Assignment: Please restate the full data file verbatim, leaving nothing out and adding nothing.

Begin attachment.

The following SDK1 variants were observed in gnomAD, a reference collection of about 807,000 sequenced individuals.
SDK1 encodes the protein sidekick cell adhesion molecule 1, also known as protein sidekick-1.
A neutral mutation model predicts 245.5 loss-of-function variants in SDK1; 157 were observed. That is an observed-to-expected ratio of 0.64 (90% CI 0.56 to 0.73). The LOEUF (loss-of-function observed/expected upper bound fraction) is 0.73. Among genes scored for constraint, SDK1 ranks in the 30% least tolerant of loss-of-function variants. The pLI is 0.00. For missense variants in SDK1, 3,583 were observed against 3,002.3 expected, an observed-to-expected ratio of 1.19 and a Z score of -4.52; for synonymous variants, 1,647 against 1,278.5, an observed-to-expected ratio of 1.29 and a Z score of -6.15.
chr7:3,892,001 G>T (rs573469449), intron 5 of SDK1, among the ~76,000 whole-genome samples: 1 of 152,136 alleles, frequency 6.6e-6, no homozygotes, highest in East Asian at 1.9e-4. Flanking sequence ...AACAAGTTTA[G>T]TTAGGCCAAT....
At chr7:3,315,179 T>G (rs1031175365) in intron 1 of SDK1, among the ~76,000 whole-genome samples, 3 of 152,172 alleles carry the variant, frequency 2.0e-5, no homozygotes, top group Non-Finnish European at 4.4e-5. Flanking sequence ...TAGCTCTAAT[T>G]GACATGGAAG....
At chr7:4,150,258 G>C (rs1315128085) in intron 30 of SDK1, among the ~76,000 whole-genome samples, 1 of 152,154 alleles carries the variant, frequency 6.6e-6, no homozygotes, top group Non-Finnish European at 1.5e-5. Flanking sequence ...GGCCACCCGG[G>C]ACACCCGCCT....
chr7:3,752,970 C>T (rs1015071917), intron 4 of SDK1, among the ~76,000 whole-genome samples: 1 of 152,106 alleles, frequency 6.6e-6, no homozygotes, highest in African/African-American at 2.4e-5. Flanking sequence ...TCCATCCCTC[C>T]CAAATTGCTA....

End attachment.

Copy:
The following SDK1 variants were observed in gnomAD, a reference collection of about 807,000 sequenced individuals.
SDK1 encodes the protein sidekick cell adhesion molecule 1, also known as protein sidekick-1.
A neutral mutation model predicts 245.5 loss-of-function variants in SDK1; 157 were observed. That is an observed-to-expected ratio of 0.64 (90% CI 0.56 to 0.73). The LOEUF (loss-of-function observed/expected upper bound fraction) is 0.73. Among genes scored for constraint, SDK1 ranks in the 30% least tolerant of loss-of-function variants. The pLI is 0.00. For missense variants in SDK1, 3,583 were observed against 3,002.3 expected, an observed-to-expected ratio of 1.19 and a Z score of -4.52; for synonymous variants, 1,647 against 1,278.5, an observed-to-expected ratio of 1.29 and a Z score of -6.15.
chr7:3,892,001 G>T (rs573469449), intron 5 of SDK1, among the ~76,000 whole-genome samples: 1 of 152,136 alleles, frequency 6.6e-6, no homozygotes, highest in East Asian at 1.9e-4. Flanking sequence ...AACAAGTTTA[G>T]TTAGGCCAAT....
At chr7:3,315,179 T>G (rs1031175365) in intron 1 of SDK1, among the ~76,000 whole-genome samples, 3 of 152,172 alleles carry the variant, frequency 2.0e-5, no homozygotes, top group Non-Finnish European at 4.4e-5. Flanking sequence ...TAGCTCTAAT[T>G]GACATGGAAG....
At chr7:4,150,258 G>C (rs1315128085) in intron 30 of SDK1, among the ~76,000 whole-genome samples, 1 of 152,154 alleles carries the variant, frequency 6.6e-6, no homozygotes, top group Non-Finnish European at 1.5e-5. Flanking sequence ...GGCCACCCGG[G>C]ACACCCGCCT....
chr7:3,752,970 C>T (rs1015071917), intron 4 of SDK1, among the ~76,000 whole-genome samples: 1 of 152,106 alleles, frequency 6.6e-6, no homozygotes, highest in African/African-American at 2.4e-5. Flanking sequence ...TCCATCCCTC[C>T]CAAATTGCTA....